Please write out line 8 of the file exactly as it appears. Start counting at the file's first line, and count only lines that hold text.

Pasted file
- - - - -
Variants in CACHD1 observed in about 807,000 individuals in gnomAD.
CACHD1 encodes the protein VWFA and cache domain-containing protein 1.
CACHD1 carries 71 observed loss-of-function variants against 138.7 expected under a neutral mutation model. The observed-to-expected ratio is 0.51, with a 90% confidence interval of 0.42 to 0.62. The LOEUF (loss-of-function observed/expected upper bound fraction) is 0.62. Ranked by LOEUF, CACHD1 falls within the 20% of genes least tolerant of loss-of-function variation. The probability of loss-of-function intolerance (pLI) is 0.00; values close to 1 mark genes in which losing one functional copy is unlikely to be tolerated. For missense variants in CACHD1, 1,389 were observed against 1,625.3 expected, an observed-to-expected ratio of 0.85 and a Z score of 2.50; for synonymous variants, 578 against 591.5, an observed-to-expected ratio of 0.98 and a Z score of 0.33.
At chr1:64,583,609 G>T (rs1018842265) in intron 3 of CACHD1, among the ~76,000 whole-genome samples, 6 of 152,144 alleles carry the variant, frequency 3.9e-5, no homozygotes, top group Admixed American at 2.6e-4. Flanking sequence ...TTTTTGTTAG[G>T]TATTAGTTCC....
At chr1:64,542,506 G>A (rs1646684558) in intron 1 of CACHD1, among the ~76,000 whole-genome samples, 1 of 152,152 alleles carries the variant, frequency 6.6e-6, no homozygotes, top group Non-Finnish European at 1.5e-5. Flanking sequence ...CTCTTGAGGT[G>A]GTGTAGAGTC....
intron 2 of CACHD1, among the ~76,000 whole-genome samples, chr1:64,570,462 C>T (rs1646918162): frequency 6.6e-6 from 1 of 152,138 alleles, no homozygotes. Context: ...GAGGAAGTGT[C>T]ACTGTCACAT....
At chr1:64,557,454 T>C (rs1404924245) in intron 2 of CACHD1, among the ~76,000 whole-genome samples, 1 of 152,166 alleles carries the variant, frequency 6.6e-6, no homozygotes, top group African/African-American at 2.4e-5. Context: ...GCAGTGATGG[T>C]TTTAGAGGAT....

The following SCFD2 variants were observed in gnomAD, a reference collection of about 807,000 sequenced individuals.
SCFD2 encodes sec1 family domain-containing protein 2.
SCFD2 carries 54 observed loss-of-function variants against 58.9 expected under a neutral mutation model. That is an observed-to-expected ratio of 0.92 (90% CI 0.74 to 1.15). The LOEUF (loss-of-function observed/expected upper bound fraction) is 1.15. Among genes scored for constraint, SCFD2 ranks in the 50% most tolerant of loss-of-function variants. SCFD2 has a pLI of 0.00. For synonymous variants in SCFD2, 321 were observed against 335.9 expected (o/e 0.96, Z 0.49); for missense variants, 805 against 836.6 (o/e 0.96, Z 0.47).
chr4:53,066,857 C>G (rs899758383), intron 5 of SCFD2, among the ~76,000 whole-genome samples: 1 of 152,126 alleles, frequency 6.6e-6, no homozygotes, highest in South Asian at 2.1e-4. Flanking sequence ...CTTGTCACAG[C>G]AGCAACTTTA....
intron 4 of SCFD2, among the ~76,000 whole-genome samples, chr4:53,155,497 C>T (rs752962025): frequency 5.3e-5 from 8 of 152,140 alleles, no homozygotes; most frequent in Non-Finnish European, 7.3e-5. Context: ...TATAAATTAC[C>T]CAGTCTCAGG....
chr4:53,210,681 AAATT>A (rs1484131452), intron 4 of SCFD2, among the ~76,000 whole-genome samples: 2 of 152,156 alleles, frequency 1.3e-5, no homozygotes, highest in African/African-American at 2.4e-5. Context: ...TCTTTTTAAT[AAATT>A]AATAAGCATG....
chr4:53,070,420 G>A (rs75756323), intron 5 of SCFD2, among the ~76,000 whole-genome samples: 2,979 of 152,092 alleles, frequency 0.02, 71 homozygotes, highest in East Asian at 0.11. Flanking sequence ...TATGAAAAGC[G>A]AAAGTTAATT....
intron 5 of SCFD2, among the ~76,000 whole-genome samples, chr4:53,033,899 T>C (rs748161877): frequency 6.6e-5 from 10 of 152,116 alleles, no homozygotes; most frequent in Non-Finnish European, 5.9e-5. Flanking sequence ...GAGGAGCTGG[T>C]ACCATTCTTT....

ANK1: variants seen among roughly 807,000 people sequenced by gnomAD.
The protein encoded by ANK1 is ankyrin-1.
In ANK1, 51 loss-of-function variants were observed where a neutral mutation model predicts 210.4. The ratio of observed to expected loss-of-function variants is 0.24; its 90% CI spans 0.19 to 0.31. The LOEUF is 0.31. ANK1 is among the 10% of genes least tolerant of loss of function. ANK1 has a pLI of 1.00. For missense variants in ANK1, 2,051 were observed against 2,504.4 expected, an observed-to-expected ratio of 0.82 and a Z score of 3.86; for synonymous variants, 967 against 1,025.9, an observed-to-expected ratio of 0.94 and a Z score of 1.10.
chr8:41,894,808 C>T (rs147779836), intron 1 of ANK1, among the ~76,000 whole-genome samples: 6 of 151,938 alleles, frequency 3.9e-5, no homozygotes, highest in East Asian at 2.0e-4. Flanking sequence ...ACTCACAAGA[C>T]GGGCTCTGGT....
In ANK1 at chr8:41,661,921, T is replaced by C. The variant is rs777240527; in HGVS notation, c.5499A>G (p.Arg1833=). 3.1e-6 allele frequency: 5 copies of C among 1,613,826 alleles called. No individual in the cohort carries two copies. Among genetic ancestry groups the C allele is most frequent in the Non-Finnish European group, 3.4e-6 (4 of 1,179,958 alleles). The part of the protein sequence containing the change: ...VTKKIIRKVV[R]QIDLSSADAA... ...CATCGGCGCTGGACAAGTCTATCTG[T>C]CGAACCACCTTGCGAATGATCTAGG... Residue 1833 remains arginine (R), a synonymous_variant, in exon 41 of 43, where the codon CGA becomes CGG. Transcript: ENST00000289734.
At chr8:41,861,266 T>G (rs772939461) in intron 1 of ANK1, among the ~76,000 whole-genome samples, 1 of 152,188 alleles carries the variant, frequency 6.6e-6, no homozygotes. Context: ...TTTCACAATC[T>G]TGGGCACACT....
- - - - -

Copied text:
The following SCFD2 variants were observed in gnomAD, a reference collection of about 807,000 sequenced individuals.